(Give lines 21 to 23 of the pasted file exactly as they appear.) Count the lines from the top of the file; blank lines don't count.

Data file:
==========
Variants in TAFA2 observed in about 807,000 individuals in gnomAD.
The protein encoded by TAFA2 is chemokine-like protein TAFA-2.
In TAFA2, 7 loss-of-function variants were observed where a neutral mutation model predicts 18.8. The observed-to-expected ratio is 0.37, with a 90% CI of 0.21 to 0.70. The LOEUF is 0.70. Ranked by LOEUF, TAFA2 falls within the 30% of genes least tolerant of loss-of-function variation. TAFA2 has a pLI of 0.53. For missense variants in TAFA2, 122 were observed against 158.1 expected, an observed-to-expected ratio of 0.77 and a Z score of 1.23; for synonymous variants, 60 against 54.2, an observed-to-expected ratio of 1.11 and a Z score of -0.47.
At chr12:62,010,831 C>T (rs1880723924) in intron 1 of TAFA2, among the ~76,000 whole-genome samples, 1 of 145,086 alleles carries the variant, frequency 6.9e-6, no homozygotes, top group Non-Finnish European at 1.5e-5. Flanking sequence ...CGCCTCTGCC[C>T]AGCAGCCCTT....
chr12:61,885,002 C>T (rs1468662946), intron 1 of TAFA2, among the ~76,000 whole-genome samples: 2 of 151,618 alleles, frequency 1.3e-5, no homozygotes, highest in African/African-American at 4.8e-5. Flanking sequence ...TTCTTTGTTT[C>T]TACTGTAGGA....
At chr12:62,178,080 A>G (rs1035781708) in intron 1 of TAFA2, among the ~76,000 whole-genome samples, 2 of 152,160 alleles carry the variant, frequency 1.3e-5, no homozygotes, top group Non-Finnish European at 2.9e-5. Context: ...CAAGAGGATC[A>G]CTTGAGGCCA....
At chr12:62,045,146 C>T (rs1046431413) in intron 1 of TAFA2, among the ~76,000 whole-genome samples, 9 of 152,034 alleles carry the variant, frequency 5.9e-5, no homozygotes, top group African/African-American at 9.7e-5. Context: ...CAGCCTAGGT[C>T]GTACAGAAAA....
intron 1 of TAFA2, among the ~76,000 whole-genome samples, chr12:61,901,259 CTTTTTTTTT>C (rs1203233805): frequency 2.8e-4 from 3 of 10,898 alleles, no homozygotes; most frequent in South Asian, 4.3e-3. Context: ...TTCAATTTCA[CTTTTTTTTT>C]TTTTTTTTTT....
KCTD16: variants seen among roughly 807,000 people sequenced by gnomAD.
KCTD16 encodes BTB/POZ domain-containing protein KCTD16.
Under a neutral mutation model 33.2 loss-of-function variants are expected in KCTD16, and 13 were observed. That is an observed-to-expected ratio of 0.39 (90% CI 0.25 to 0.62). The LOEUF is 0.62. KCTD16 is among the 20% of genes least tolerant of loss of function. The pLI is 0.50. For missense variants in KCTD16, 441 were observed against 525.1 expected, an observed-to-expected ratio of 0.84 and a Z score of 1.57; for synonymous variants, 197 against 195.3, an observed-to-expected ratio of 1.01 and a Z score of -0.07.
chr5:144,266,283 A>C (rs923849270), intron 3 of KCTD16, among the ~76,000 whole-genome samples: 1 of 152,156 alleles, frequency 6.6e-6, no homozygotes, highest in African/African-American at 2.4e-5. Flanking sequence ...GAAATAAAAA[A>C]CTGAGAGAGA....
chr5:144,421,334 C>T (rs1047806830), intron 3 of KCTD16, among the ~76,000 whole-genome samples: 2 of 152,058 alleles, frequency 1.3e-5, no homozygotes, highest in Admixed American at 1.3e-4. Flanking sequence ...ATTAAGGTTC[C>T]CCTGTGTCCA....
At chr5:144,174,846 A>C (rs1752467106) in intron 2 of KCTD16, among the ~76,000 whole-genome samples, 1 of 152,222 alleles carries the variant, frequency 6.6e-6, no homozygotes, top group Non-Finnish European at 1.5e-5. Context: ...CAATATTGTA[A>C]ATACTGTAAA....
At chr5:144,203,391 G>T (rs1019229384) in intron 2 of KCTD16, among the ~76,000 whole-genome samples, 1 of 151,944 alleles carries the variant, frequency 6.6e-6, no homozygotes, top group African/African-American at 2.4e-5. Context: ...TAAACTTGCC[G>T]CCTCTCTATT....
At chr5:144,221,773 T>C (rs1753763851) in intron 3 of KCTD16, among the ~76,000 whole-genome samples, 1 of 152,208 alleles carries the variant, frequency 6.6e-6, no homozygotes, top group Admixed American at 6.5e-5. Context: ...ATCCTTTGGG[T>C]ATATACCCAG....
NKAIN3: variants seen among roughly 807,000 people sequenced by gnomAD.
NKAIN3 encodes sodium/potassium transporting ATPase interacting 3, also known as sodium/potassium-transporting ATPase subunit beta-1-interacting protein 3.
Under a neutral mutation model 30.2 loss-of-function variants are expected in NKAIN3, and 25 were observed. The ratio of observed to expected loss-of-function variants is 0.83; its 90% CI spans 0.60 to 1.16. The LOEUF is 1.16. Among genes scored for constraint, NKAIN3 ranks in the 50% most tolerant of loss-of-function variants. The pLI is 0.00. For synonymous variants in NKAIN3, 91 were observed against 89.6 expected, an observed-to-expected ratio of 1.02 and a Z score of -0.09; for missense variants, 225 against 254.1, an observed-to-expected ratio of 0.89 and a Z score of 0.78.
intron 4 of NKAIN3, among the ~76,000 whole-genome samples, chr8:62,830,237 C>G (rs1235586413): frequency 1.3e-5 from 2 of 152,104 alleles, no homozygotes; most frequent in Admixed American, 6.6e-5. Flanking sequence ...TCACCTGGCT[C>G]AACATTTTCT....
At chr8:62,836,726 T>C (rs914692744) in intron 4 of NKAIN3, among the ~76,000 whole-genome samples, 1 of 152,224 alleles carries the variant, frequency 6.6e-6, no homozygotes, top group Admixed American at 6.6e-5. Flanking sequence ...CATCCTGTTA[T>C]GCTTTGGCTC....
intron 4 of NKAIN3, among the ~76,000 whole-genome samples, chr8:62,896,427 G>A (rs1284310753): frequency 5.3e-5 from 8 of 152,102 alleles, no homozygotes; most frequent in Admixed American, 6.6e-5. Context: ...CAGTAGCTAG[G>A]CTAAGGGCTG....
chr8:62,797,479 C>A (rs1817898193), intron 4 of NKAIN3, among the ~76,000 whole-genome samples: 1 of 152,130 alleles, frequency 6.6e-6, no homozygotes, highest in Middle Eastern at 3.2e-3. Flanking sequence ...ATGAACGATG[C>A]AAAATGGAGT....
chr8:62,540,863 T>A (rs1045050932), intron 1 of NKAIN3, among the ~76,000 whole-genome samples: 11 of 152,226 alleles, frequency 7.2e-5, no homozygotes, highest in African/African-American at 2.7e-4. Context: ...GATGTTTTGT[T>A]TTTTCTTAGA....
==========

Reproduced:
At chr8:62,836,726 T>C (rs914692744) in intron 4 of NKAIN3, among the ~76,000 whole-genome samples, 1 of 152,224 alleles carries the variant, frequency 6.6e-6, no homozygotes, top group Admixed American at 6.6e-5. Flanking sequence ...CATCCTGTTA[T>C]GCTTTGGCTC....
intron 4 of NKAIN3, among the ~76,000 whole-genome samples, chr8:62,896,427 G>A (rs1284310753): frequency 5.3e-5 from 8 of 152,102 alleles, no homozygotes; most frequent in Admixed American, 6.6e-5. Context: ...CAGTAGCTAG[G>A]CTAAGGGCTG....
chr8:62,797,479 C>A (rs1817898193), intron 4 of NKAIN3, among the ~76,000 whole-genome samples: 1 of 152,130 alleles, frequency 6.6e-6, no homozygotes, highest in Middle Eastern at 3.2e-3. Flanking sequence ...ATGAACGATG[C>A]AAAATGGAGT....